A Thriving Nest for Elegant Terns

The stability of Elegant Terns, which visit Santa Cruz, CA annually, requires Rasa Island to remain invasive predator free.

By: Emily Heber

Sitting on the beach in Santa Cruz, California one can see a variety of seabirds that return to the beach town every summer. One such bird is the Elegant Tern (Thalasseus elegans) with a black and white body and a bright orange beak. Santa Cruz is only one stop on the distinctive Elegant Tern’s long journey.

Elegant Terns live along the Pacific coast all the way from Central California to the Gulf of California, Mexico. Although they are spread along the coast, almost 95% of their breeding is restricted to Rasa Island in the Gulf of California. Elegant Terns are considered Near Threatened by the International Union Conservation of Nature and are particularly vulnerable to threats posed by invasive species.


An Elegant Tern flies overhead in Santa Cruz, CA. Credit: Claudio Uribe

In 2009 conservationists took on a conservation intervention project on Rasa Island, where invasive rodents were preying on nesting Elegant Terns. This successful removal gave the seabirds a much-needed population boost. Bernie Tershy, co-founder of Island Conservation, was part of the team that evaluated the Elegant Terns population.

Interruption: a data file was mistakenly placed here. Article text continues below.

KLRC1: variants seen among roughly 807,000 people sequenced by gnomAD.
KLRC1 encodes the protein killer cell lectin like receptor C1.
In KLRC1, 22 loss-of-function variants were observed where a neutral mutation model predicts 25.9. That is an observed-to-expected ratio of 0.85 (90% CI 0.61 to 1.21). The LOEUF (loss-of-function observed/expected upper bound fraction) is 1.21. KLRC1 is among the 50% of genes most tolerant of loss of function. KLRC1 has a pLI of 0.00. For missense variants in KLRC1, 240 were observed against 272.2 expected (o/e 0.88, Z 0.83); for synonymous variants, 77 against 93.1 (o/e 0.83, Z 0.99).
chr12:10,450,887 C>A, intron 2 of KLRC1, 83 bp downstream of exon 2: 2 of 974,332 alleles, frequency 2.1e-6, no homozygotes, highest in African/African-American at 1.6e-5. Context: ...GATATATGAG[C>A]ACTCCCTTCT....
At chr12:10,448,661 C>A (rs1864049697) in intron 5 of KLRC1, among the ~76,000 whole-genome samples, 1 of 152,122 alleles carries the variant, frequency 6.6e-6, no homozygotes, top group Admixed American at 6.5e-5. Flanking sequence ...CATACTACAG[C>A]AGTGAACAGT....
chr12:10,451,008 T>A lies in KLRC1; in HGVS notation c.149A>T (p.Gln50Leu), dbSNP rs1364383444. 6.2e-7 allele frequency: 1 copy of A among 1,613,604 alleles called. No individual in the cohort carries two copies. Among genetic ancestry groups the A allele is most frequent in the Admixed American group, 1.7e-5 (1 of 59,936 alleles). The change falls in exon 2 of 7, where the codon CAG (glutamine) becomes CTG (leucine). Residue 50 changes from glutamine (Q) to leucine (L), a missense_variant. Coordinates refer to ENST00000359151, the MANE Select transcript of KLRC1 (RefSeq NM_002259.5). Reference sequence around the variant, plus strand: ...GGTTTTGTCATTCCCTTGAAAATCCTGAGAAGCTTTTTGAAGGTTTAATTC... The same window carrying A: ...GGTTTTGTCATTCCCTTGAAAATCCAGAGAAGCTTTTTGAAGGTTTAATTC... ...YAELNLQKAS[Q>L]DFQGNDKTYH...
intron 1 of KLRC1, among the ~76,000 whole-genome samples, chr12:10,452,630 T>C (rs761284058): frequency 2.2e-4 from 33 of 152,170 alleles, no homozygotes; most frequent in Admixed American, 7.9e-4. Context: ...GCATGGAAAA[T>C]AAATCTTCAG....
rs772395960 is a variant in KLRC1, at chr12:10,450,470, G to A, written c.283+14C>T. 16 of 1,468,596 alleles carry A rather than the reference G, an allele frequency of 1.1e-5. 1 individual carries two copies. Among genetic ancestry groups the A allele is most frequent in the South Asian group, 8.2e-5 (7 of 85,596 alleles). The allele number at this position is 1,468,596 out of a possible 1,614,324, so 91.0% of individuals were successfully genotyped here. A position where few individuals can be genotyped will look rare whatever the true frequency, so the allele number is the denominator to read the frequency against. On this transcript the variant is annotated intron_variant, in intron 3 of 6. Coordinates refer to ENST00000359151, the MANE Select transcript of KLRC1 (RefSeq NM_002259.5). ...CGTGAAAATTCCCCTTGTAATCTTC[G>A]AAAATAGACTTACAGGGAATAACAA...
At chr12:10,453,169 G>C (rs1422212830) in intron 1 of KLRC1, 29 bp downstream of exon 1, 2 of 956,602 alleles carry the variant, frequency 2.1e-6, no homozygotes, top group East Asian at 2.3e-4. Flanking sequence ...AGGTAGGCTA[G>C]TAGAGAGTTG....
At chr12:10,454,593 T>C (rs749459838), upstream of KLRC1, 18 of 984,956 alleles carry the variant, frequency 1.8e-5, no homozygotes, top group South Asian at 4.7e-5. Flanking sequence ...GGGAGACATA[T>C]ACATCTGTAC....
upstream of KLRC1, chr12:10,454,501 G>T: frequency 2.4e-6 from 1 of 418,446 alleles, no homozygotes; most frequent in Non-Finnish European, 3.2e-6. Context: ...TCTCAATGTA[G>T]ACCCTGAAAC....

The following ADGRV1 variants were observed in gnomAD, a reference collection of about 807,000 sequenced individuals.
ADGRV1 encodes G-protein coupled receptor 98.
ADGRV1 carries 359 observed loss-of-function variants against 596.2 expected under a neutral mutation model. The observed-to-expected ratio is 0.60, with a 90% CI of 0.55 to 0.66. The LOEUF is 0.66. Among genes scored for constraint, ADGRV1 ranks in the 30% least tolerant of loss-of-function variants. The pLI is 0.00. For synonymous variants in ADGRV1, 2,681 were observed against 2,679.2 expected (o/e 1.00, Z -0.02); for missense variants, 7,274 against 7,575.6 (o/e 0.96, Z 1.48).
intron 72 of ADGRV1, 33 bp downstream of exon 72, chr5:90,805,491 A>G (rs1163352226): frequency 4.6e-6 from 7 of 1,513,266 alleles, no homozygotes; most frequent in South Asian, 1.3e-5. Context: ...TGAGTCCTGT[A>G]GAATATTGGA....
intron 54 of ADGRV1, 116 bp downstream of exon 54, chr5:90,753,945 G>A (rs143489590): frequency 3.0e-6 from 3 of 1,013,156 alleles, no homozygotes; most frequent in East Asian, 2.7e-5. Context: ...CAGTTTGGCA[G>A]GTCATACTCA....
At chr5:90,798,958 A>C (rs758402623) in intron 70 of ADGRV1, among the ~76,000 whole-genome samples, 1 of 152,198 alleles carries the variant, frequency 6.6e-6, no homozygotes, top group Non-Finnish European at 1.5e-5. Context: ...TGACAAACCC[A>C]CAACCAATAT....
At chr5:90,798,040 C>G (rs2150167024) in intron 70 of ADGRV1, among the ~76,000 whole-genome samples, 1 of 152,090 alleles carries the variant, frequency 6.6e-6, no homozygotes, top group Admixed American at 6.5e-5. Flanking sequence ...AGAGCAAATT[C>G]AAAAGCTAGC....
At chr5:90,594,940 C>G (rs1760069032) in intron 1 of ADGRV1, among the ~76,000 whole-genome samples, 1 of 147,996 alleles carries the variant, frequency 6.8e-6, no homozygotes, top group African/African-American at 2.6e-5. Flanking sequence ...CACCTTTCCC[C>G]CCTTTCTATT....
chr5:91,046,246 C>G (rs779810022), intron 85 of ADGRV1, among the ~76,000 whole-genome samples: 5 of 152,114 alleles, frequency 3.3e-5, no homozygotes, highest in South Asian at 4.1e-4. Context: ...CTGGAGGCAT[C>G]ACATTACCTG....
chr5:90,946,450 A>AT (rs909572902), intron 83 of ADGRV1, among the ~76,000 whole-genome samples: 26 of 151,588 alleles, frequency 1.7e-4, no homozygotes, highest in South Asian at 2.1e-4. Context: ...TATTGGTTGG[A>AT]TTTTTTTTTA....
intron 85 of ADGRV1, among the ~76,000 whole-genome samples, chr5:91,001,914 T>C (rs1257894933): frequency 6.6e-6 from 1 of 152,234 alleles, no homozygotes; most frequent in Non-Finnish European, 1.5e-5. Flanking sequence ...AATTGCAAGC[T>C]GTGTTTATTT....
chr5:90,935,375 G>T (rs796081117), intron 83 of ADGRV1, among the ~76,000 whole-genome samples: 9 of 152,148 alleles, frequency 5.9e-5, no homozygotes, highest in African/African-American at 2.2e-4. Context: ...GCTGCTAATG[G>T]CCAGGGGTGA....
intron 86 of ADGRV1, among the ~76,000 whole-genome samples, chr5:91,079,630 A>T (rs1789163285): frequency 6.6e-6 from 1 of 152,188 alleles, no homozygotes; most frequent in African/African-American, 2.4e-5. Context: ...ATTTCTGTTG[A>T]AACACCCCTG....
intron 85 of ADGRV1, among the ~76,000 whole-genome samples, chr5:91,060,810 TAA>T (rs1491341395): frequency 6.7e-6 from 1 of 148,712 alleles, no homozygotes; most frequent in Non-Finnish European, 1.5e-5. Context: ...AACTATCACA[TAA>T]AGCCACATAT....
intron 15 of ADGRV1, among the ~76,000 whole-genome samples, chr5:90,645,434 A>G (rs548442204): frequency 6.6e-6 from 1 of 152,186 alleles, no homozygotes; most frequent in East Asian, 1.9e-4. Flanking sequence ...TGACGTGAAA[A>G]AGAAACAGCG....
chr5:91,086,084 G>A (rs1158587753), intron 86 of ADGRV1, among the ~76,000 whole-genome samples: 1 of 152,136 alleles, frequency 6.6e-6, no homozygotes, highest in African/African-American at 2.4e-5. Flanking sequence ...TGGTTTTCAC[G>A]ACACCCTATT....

A flock of Elegant Terns in Santa Cruz, CA. Credit: Claudio Uribe

Conservationists are now concerned that changing climates could affect the global Elegant Tern population. Their populations fluctuate naturally with El Niño Southern Oscillation events during which ocean water warms and seabird food resources decrease, but prolonged climatic change could spell serious trouble for the seabirds.

Protecting their breeding habitat and understanding long term population trends for the species is vital to ensuring they remain stable throughout their natural range and continue to return to Santa Cruz.

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Featured Photo: An Elegant Tern flying. Credit: Claudio Uribe
Source: International Union for the Conservation of Nature

About Emily Heber

Emily is a recent graduate from UC Santa Barbara with a BS in Zoology. As a student, she discovered that she had a passion for the conservation of endangered species and their ecosystems. Her background in informal education has allowed her the opportunity to share her passion for animals with others, something she seeks to continue doing while working with the communication team. In her spare time, Emily enjoys exploring the amazing hiking trails found in Santa Cruz and tries to SCUBA dive whenever possible. Emily is excited to join the Island Conservation team and to help share the amazing work that is being done here.

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